victahh1

Import Mexican Vehicle To Sell In U.S.

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To keep my story short, I have a family member in Mexico with a 1964 Galaxie that he wants to sell. He believes he may get a lot more for it here in the U.S. I already spoke to a transportation company that would ship the car for about $3,000. My question, is there a market for antique imported vehicles? Would it be worth the hassle and cost to bring it here for resale? My concern is that it may not be as coveted as it was not manufactured in the U.S., the speedometer is in KM, etc. I appreciate all input. Thanks.

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Do you think you can get enough for the car to recover the $3k shipping cost?  It would have to be a very fine example of a 1964 Ford Galaxy to still come out on the plus side.  The things you mentioned making it an export car can be changed.  Is all the title and paperwork in order?

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Yes, all paperwork is in order (title, registration, insurance) which is required for the carrier to be able to transport it. I don't have too many pictures but it appears to be in good condition although not perfect, from what I can tell the headlight bezels are missing, small tear in the seat etc. What makes me believe I can possibly get hopefully 6-7k for it is the clean frame, I'm in the Midwest so salt damage is a huge issue here. 135k km ~ 83,000 miles on the car.

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I truly believe that the transportation costs will eat up all of your intended/ perceived profits.

Then you're really underwater. Unless you've got a buyer with a healthy down payment, I don't

believe that it is worth the risk. For what it's worth. Also, if the transport is not enclosed, you

have risk of stone chips and vandalism enroute.

 

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3 minutes ago, victahh1 said:

.. believe I can possibly get hopefully 6-7k for it

 

If you "believe" you can get 6-7k for it and it costs $3k shipping you wind up with $3-4k max, and you're not sure you can get that. I would advertise the car locally in Mexico for $3-4k. If it sells you  have avoided all the hassle of transporting and documenting the transfer of the car to the U.S. If it doesn't sell locally, then look at bringing it to the U.S. I really doubt it's worth the effort on a "chance" you might get more for it.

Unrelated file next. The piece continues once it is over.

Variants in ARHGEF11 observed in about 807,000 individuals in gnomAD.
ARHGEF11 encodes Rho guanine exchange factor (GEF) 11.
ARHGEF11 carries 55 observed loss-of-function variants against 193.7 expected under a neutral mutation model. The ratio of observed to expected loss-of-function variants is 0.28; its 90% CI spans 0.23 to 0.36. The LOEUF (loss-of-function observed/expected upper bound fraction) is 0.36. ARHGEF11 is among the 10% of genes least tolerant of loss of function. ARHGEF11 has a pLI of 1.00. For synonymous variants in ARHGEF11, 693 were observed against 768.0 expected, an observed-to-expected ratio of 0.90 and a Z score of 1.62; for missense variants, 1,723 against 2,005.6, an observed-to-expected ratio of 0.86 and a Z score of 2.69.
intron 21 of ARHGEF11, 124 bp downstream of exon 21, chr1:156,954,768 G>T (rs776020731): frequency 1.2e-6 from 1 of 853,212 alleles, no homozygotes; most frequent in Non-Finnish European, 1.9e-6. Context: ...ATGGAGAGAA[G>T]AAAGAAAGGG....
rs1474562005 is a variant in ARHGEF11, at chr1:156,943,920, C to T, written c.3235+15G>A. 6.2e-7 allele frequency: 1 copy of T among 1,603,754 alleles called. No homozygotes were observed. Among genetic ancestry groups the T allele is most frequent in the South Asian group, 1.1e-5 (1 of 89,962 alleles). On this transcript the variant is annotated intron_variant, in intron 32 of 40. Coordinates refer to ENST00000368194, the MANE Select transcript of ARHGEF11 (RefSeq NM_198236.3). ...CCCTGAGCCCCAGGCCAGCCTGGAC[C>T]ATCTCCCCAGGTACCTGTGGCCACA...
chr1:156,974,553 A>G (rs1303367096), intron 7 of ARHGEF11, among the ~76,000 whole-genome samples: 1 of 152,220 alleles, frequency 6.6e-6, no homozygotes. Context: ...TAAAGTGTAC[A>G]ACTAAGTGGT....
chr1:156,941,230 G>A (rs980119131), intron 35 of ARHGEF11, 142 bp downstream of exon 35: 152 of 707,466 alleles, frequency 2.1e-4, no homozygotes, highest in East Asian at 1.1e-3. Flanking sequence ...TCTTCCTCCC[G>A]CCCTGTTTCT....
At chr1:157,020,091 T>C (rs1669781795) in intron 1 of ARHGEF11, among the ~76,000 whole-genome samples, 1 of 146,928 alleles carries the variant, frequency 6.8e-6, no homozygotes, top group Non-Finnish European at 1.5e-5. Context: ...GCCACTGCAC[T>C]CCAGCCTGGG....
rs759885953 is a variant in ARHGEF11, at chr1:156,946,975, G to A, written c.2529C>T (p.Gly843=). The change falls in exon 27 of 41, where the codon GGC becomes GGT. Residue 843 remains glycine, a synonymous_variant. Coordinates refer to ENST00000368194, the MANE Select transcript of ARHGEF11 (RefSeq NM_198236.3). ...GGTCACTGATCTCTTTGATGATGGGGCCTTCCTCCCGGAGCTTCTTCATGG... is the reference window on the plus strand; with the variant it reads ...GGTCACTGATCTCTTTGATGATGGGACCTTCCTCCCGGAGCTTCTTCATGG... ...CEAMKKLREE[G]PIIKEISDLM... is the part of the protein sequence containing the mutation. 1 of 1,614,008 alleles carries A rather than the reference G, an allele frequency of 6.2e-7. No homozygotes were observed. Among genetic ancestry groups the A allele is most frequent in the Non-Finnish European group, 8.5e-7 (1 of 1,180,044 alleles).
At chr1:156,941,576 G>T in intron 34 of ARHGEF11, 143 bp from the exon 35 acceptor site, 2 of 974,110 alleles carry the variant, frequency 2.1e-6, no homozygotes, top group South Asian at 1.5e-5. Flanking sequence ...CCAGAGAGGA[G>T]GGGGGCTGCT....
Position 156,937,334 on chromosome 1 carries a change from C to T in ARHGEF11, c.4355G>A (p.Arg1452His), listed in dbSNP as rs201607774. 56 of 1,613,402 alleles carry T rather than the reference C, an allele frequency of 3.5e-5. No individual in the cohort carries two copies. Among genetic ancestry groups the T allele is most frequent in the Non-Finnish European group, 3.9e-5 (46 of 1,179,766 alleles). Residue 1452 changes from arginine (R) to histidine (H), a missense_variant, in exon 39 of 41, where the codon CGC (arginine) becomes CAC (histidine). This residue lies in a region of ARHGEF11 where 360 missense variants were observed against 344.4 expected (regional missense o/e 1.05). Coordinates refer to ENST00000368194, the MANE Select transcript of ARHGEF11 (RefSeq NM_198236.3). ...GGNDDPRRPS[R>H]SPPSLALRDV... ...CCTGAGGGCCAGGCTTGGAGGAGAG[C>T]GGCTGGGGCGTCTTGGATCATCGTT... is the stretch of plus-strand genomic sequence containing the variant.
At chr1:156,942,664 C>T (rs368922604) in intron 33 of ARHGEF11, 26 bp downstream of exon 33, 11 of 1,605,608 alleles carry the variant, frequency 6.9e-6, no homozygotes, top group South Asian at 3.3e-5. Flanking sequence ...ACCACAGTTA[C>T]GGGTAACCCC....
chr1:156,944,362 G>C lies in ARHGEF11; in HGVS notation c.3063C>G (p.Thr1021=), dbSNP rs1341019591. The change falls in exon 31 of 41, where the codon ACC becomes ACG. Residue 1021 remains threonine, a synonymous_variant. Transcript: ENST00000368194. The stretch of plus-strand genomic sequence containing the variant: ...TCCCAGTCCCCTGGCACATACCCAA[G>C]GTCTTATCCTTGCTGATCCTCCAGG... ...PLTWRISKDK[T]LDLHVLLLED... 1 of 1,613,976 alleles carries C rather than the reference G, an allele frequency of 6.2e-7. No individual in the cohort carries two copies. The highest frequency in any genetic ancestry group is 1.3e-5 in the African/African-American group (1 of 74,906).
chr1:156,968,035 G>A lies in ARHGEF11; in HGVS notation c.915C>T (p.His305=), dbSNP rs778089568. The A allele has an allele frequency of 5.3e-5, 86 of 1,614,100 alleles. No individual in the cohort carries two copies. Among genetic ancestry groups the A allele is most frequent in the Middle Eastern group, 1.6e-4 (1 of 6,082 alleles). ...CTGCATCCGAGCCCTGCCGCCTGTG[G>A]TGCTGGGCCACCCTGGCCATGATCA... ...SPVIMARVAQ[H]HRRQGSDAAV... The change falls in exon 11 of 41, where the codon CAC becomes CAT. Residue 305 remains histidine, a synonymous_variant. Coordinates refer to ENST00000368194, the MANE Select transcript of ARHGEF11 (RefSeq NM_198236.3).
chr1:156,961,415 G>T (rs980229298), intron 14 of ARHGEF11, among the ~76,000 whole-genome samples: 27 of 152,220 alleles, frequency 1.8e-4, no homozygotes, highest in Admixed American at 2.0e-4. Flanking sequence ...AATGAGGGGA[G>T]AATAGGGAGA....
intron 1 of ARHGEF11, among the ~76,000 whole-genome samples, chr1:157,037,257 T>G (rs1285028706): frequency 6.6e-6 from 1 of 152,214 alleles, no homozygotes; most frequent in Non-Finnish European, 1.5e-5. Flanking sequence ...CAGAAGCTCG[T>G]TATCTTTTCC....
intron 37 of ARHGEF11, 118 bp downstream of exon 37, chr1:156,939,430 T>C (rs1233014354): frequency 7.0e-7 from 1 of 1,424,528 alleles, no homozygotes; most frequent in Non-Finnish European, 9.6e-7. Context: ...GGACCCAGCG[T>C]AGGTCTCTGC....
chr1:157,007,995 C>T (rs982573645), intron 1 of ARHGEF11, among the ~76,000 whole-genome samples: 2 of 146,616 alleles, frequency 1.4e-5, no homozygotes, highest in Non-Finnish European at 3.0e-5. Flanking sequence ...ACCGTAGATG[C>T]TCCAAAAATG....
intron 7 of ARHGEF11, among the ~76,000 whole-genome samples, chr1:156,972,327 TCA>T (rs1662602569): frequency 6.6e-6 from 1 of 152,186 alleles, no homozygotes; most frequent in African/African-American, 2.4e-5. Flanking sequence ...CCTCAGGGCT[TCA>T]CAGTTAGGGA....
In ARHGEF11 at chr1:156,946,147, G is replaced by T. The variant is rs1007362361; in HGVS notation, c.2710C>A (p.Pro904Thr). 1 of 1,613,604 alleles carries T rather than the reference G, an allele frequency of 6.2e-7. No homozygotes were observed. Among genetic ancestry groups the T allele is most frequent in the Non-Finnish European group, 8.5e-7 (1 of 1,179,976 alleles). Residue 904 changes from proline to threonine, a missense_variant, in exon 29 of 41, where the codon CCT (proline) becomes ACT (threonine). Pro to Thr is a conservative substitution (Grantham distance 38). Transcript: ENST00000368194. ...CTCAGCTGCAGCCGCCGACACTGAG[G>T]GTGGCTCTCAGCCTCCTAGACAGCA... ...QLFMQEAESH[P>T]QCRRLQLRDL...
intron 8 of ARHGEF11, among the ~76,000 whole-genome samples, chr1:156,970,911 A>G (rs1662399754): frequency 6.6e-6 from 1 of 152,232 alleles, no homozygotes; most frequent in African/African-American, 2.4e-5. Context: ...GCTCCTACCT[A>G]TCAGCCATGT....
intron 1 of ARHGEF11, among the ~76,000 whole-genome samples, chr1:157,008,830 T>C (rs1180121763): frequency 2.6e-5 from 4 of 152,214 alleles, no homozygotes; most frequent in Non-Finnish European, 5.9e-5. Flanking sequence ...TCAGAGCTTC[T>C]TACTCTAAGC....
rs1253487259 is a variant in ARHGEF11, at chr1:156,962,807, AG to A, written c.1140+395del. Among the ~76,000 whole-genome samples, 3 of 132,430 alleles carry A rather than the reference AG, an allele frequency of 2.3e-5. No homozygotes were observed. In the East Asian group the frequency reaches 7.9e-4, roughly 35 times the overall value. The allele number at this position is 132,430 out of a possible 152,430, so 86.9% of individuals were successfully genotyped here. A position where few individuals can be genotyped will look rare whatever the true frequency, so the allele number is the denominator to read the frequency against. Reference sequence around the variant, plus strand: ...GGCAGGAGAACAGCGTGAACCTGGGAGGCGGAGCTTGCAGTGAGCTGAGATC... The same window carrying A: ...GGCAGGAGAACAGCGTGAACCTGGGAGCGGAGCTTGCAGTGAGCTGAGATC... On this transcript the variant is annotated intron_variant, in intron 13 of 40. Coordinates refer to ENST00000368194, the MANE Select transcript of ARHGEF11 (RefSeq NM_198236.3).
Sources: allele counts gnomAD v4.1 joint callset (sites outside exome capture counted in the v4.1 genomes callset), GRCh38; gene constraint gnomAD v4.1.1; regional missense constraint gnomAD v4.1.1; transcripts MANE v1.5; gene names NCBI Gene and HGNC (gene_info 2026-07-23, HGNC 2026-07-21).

Don

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Have to agree, do not see anything special (engine flags, etc) and is a four door with aftermarket wheels. Does it have AC ? Best to advertise for interest before investing in transportation. I take it you cannot just fly down and drive back ?

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I think you should add in the cost of obtaining a title, registration, etc in your name to the transportation cost.  I doubt many people are willing to purchase with foreign paperwork, etc as many states require notarized DMV forms etc for transfer....

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Agreed, from what I can tell it appears to be the base model, which may be even less appealing to potential buyers. Unfortunately, due to work I would not be able to take a week off to go see the car myself and drive it back. Plus the transportation company would take care of paperwork I am not familiar with.

 

Thank you all for all your input. I kind of figured it wouldn't be worth it but figured I'd listen to a few more opinions. That said, maybe in the future if I were to import a vehicle for personal use it may be an option I would consider, but not for the sale of the vehicle.

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It would be an interesting car, nonetheless, possibly being a Mexican-assembled car.  A true Ford lover might want to add it to his collection.

 

Not sure about Ford, but most, if not all AMC cars in the mid-to late 1970's didn't have the shocks behind the 5-mph bumpers as they weren't required by law in Mexico.   Although those ungainly bumpers didn't add to their looks, at least they didn't stick out as far.